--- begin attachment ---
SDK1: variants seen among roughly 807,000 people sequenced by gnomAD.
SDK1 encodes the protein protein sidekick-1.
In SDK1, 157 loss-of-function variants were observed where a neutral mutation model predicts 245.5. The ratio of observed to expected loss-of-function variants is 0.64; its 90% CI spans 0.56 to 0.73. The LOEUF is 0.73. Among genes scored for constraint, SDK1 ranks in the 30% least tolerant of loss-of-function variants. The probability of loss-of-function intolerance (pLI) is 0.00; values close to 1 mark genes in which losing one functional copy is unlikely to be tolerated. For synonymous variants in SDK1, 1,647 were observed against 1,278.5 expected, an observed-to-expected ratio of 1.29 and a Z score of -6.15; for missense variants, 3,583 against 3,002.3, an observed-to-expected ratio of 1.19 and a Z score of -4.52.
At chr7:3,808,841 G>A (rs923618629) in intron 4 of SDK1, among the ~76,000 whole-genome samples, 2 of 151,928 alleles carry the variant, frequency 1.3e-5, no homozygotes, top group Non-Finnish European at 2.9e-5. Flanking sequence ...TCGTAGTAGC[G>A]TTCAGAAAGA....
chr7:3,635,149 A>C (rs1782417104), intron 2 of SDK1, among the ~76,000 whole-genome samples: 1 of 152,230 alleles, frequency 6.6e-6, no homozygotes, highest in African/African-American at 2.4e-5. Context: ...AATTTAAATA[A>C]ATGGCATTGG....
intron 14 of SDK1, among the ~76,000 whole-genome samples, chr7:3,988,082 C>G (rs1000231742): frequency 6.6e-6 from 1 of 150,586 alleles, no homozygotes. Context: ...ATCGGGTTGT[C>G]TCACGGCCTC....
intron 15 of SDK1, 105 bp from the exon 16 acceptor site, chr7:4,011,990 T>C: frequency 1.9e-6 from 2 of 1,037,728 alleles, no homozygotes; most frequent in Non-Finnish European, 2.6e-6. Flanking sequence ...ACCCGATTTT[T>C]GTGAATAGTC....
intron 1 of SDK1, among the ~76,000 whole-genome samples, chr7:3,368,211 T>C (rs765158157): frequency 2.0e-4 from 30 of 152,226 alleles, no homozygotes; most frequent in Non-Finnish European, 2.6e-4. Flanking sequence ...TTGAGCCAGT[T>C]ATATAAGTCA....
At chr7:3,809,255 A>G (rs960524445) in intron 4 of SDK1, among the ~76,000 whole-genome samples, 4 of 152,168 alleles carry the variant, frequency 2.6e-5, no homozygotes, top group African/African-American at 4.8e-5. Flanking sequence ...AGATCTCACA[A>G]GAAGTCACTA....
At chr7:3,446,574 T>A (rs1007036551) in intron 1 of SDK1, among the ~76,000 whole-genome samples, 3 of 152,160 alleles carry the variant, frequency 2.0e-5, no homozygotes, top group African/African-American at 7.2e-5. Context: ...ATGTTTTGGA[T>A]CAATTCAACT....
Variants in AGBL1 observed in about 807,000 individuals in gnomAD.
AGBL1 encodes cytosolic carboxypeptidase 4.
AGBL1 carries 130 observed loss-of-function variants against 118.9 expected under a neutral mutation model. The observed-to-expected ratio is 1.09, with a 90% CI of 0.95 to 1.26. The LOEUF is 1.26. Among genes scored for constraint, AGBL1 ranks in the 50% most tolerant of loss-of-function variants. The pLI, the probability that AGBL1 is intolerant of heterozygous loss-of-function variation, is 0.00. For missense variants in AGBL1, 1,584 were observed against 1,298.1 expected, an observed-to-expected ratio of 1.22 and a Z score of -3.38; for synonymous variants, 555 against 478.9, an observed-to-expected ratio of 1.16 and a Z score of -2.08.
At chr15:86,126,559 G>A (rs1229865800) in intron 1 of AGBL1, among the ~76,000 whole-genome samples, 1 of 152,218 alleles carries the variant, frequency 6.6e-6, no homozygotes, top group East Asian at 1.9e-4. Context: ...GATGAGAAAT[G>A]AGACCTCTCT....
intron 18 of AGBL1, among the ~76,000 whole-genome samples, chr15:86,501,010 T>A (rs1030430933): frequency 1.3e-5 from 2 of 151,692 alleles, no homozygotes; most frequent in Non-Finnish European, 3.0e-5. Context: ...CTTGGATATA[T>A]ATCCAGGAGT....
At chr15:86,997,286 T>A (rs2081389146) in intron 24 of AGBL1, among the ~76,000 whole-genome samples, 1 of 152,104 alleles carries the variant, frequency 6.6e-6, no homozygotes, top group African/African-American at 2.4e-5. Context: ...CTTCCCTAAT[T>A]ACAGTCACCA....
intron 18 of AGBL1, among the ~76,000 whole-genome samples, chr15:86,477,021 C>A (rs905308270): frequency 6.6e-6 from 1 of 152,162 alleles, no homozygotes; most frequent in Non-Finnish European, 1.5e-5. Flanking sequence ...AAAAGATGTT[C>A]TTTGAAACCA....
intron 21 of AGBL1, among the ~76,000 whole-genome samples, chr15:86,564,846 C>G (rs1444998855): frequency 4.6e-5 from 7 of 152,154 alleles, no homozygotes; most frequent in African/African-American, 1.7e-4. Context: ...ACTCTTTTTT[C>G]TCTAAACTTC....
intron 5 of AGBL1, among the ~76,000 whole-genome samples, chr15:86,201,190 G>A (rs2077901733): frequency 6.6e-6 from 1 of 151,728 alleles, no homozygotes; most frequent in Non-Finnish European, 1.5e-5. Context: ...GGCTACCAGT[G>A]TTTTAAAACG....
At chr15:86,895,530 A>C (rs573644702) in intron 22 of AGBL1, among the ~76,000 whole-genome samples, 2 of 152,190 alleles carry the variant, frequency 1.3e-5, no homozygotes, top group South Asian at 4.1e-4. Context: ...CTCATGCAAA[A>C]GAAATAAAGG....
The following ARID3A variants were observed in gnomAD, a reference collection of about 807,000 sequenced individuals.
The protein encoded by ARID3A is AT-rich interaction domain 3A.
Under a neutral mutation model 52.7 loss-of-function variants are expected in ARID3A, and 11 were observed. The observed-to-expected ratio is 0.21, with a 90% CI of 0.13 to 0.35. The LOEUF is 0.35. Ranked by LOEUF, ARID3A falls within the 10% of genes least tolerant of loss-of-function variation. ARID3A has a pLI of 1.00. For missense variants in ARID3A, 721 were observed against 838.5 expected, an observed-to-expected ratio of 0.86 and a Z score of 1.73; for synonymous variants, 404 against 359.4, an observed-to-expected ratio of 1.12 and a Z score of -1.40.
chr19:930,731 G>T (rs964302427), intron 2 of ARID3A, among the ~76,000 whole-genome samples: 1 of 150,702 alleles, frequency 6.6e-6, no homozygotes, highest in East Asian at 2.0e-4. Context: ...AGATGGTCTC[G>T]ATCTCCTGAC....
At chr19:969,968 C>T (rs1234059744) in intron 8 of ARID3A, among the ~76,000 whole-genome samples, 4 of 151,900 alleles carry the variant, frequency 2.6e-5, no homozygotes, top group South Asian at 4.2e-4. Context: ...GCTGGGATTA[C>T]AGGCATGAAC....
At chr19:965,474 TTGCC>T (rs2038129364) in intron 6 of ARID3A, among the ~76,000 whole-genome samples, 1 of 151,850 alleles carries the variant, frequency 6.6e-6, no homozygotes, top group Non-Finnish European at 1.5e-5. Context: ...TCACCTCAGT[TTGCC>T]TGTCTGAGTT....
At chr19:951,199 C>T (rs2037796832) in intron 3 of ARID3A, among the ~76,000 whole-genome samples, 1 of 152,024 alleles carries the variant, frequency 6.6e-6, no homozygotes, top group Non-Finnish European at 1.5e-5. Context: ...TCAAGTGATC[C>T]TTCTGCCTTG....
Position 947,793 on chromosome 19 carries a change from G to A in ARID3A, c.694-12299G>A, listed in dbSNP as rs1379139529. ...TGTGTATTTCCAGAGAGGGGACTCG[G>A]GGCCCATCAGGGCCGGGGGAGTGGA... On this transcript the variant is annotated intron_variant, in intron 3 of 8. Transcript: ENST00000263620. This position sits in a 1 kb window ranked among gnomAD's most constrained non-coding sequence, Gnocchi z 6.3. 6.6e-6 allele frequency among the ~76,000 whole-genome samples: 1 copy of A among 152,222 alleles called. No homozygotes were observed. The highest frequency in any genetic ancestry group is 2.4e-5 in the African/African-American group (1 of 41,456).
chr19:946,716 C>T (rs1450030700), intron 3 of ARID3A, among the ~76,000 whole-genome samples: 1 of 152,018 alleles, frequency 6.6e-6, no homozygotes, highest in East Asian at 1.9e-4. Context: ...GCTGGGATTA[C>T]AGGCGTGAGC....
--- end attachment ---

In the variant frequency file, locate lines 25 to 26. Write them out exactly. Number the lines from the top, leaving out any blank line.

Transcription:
At chr19:969,968 C>T (rs1234059744) in intron 8 of ARID3A, among the ~76,000 whole-genome samples, 4 of 151,900 alleles carry the variant, frequency 2.6e-5, no homozygotes, top group South Asian at 4.2e-4. Context: ...GCTGGGATTA[C>T]AGGCATGAAC....
At chr19:965,474 TTGCC>T (rs2038129364) in intron 6 of ARID3A, among the ~76,000 whole-genome samples, 1 of 151,850 alleles carries the variant, frequency 6.6e-6, no homozygotes, top group Non-Finnish European at 1.5e-5. Context: ...TCACCTCAGT[TTGCC>T]TGTCTGAGTT....